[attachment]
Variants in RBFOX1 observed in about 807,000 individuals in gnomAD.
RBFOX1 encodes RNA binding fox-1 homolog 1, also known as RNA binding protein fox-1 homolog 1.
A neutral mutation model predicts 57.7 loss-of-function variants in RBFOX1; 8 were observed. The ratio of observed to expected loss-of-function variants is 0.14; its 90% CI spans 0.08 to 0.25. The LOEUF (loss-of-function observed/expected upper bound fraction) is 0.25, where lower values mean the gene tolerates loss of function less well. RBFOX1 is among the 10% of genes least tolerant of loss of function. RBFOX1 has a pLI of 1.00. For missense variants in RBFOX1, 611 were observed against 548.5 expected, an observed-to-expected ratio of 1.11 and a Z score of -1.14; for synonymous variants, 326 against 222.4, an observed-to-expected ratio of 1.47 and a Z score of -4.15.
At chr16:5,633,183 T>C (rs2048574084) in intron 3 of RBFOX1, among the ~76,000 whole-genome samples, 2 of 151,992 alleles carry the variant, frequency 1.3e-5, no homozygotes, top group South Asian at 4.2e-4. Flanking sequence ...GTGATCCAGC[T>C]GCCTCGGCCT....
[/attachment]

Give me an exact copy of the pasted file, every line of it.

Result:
Variants in RBFOX1 observed in about 807,000 individuals in gnomAD.
RBFOX1 encodes RNA binding fox-1 homolog 1, also known as RNA binding protein fox-1 homolog 1.
A neutral mutation model predicts 57.7 loss-of-function variants in RBFOX1; 8 were observed. The ratio of observed to expected loss-of-function variants is 0.14; its 90% CI spans 0.08 to 0.25. The LOEUF (loss-of-function observed/expected upper bound fraction) is 0.25, where lower values mean the gene tolerates loss of function less well. RBFOX1 is among the 10% of genes least tolerant of loss of function. RBFOX1 has a pLI of 1.00. For missense variants in RBFOX1, 611 were observed against 548.5 expected, an observed-to-expected ratio of 1.11 and a Z score of -1.14; for synonymous variants, 326 against 222.4, an observed-to-expected ratio of 1.47 and a Z score of -4.15.
At chr16:5,633,183 T>C (rs2048574084) in intron 3 of RBFOX1, among the ~76,000 whole-genome samples, 2 of 151,992 alleles carry the variant, frequency 1.3e-5, no homozygotes, top group South Asian at 4.2e-4. Flanking sequence ...GTGATCCAGC[T>C]GCCTCGGCCT....